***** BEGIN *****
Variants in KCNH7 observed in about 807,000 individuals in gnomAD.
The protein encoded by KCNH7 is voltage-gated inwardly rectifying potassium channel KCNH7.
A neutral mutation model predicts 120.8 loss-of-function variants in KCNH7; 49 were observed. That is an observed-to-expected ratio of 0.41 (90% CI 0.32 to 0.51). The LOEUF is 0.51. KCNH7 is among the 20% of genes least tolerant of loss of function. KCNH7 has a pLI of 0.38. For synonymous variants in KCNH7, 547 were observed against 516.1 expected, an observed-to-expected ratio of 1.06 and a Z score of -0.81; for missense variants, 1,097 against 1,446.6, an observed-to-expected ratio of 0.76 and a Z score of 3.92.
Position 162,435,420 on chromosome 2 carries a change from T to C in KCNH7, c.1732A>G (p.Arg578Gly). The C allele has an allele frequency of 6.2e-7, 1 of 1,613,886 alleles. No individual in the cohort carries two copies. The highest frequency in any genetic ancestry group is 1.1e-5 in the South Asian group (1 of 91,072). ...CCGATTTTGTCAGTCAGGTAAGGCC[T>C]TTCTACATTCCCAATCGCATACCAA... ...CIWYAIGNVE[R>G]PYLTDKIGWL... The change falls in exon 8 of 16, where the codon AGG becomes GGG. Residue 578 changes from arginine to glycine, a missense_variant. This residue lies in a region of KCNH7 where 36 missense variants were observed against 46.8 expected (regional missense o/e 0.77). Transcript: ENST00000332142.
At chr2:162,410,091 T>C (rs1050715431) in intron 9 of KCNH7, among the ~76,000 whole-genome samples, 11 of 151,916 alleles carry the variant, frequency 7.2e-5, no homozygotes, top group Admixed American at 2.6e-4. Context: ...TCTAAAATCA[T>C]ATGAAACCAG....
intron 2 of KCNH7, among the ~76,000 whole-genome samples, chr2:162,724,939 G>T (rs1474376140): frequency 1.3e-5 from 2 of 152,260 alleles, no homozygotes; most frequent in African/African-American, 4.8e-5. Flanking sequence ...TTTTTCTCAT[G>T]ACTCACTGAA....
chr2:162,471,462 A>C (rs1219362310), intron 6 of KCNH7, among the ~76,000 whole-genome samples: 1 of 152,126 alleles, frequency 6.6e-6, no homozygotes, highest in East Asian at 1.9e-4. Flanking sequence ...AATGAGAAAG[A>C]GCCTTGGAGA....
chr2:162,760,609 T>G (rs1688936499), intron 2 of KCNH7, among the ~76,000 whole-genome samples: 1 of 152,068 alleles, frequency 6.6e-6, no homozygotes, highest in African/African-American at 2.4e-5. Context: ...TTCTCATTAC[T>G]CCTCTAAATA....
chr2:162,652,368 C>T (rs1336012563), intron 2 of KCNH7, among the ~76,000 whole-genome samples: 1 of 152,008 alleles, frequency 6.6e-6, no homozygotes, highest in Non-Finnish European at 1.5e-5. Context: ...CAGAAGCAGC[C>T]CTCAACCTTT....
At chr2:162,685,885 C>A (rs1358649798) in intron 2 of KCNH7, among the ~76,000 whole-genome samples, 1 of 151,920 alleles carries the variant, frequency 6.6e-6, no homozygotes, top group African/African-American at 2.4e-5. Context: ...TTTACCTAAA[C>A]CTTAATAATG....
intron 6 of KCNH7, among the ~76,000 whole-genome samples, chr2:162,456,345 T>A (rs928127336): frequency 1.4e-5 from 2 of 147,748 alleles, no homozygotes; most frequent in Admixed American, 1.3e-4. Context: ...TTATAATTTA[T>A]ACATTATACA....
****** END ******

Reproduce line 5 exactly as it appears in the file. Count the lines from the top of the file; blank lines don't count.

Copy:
At chr2:162,410,091 T>C (rs1050715431) in intron 9 of KCNH7, among the ~76,000 whole-genome samples, 11 of 151,916 alleles carry the variant, frequency 7.2e-5, no homozygotes, top group Admixed American at 2.6e-4. Context: ...TCTAAAATCA[T>C]ATGAAACCAG....